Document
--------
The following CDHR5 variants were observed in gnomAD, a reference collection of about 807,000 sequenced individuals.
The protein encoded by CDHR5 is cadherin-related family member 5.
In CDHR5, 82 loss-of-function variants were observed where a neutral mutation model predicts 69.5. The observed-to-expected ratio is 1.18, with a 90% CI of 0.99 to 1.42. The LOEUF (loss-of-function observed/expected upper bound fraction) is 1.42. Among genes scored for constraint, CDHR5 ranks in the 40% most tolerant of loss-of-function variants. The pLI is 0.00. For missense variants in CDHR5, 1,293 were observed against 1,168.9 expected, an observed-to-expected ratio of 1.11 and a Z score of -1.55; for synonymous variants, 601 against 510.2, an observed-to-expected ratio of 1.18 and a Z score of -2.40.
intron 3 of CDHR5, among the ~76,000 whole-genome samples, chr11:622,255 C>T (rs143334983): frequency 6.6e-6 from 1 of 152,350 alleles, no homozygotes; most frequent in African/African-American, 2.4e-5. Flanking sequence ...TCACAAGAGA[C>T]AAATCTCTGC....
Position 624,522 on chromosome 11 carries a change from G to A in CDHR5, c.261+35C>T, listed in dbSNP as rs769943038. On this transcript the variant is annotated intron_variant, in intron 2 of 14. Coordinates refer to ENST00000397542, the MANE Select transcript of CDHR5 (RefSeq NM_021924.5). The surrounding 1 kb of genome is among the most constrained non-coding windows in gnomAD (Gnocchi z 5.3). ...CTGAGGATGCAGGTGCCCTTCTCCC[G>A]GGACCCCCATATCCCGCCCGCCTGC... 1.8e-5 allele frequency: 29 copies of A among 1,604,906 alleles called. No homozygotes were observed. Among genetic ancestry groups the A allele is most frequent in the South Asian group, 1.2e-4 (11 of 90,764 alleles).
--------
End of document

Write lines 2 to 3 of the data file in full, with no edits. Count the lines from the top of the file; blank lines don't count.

The protein encoded by CDHR5 is cadherin-related family member 5.
In CDHR5, 82 loss-of-function variants were observed where a neutral mutation model predicts 69.5. The observed-to-expected ratio is 1.18, with a 90% CI of 0.99 to 1.42. The LOEUF (loss-of-function observed/expected upper bound fraction) is 1.42. Among genes scored for constraint, CDHR5 ranks in the 40% most tolerant of loss-of-function variants. The pLI is 0.00. For missense variants in CDHR5, 1,293 were observed against 1,168.9 expected, an observed-to-expected ratio of 1.11 and a Z score of -1.55; for synonymous variants, 601 against 510.2, an observed-to-expected ratio of 1.18 and a Z score of -2.40.